ISLAMABAD-Pakistan ranks on 5th place amongst 30 high-burden countries in world struggling to eliminate Tuberculosis (TB) where above 100,000 cases go un-reported annually, speakers said on Saturday.

In an event held here on prevailing situation of TB in country, Advisor Policy & Strategy, National TB Control Programme (NTP) Dr. Syed Hussain Hadi briefly described the situation of Tuberculosis in Pakistan.

He said that Pakistan is on number 5th among 30 high-burden countries in the world and in such circumstances, Pakistan is trying hard to make this world free of TB suffering.

He said that to eliminate DR-TB (which is the worst form of Tuberculosis) USAID with the help of Pakistan team developed a pilot project to study the factors affecting DR-TB patient compliance, treatment outcomes and patient’s treatment adherence.

Dr. Syed Hussain Hadi said that to overcome some of the barriers to accessing and adhering to treatment, a patient-centered supportive care package was introduced to address many of the non-medical challenges that patients face in completing their treatment e.g. financial difficulties, transportation, nutrition, depression, and stigma.

Dr. Abdul Ghafoor, National Advisor for MDR-TB, National TB Control Programme discussed the piloting delivery of comprehensive supportive care to people with Drug-resistant Tuberculosis (DR-TB).

He said that the pilot project was implemented by National TB Control Programme in collaboration with the Stop TB Partnership of Pakistan. The team forged close working relationships with the provincial TB programmes and local teams Association for Social Development and Association for Community Development at the two pilot sites to introduce the care package activities at ground level.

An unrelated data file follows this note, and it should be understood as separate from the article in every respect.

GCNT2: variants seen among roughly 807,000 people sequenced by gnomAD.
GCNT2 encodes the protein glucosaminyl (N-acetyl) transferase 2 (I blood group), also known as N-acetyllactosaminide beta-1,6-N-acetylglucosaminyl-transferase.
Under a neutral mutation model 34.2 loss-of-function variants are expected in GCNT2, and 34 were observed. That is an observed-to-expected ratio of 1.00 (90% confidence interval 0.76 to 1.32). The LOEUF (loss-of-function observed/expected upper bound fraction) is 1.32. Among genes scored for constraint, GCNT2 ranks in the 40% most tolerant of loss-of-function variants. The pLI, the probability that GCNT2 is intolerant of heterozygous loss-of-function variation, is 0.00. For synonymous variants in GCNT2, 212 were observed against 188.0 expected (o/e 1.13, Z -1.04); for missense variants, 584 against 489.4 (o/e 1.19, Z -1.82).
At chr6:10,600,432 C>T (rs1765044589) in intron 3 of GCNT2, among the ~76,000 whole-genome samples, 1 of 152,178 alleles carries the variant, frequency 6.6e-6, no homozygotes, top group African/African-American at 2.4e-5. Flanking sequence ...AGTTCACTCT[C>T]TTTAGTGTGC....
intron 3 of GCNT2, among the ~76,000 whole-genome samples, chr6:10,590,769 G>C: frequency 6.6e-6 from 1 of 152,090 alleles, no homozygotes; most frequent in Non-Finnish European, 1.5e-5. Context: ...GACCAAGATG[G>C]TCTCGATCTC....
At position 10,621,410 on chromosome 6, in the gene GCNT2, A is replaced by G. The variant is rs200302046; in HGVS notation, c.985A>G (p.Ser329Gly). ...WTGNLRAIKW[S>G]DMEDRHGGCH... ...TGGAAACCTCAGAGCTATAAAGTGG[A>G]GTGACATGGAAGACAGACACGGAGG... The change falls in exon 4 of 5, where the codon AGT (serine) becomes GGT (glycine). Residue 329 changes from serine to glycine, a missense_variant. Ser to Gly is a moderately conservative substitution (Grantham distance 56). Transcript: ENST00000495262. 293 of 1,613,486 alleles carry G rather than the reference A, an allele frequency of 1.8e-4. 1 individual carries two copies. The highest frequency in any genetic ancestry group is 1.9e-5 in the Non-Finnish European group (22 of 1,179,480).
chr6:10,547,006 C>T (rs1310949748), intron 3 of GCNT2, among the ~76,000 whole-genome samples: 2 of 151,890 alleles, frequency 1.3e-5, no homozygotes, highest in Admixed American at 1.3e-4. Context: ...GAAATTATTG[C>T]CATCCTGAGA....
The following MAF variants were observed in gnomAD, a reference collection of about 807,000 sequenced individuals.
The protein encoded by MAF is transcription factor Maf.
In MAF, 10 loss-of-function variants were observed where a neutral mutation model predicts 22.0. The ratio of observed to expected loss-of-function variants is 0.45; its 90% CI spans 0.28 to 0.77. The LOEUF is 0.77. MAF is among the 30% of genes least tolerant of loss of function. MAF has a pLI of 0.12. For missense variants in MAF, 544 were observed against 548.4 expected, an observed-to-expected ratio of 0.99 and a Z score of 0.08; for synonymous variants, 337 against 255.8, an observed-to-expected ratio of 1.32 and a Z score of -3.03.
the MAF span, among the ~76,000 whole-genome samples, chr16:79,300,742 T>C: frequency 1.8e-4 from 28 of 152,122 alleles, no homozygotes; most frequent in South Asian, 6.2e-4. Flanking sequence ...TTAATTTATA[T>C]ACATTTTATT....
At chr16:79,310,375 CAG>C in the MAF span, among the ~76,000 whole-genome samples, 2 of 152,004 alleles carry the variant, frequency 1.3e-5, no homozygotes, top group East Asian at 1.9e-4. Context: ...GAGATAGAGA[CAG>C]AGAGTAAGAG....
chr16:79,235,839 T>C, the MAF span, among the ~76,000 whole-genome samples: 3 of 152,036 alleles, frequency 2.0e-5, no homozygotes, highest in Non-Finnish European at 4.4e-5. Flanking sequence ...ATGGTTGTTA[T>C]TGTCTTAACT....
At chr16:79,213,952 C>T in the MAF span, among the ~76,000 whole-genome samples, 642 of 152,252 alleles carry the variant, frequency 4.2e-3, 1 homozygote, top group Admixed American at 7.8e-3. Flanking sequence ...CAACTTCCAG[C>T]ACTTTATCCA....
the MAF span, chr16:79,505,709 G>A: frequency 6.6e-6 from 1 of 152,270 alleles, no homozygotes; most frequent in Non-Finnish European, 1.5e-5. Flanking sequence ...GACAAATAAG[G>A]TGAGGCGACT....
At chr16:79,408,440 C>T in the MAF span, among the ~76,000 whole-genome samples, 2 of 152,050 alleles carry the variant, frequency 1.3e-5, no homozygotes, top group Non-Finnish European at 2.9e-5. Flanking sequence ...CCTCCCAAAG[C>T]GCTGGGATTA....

This project plays a pivotal role in improving treatment adherence, better treatment outcomes and also developed satisfaction in patients as evidenced by patient’s satisfaction survey.

Dr. Syed Karam Shah, Advisor to Ministry of National Health Services (NHS) discussed the implementation arrangements. The intervention was implemented by Stop TB Pakistan through dedicated linkages between two PMDT sites and the target districts, he said. He further defined that regular interaction with the patients and motivating them helps engaging them as ambassadors for DR-TB services. Close coordination with the community plays an important role in addressing stigma and advocacy.

TB control programmes should include structured counselling, travel incentives, family support in their proposals and explore local philanthropy through Stop TB and other activists’ organisations. There should be revision of NSP 2020 and inclusion of lessons learnt from comprehensive package for MDR-TB, he said.

TB experts said that around 100,000 cases of TB in the country remain unreported every year despite the availability of public and private facilities established to eliminate the disease.

Health experts said that 1,700 medical facilities in public and private set-up are providing free of cost TB treatment yet 100,000 patients are not registered anywhere.

Around 44,000 patients annually die of this disease in the country and diagnosis of disease is still a problem.

Around half a million people in the country are suffering from the disease while the government has vowed to eliminate it from the country by 2030.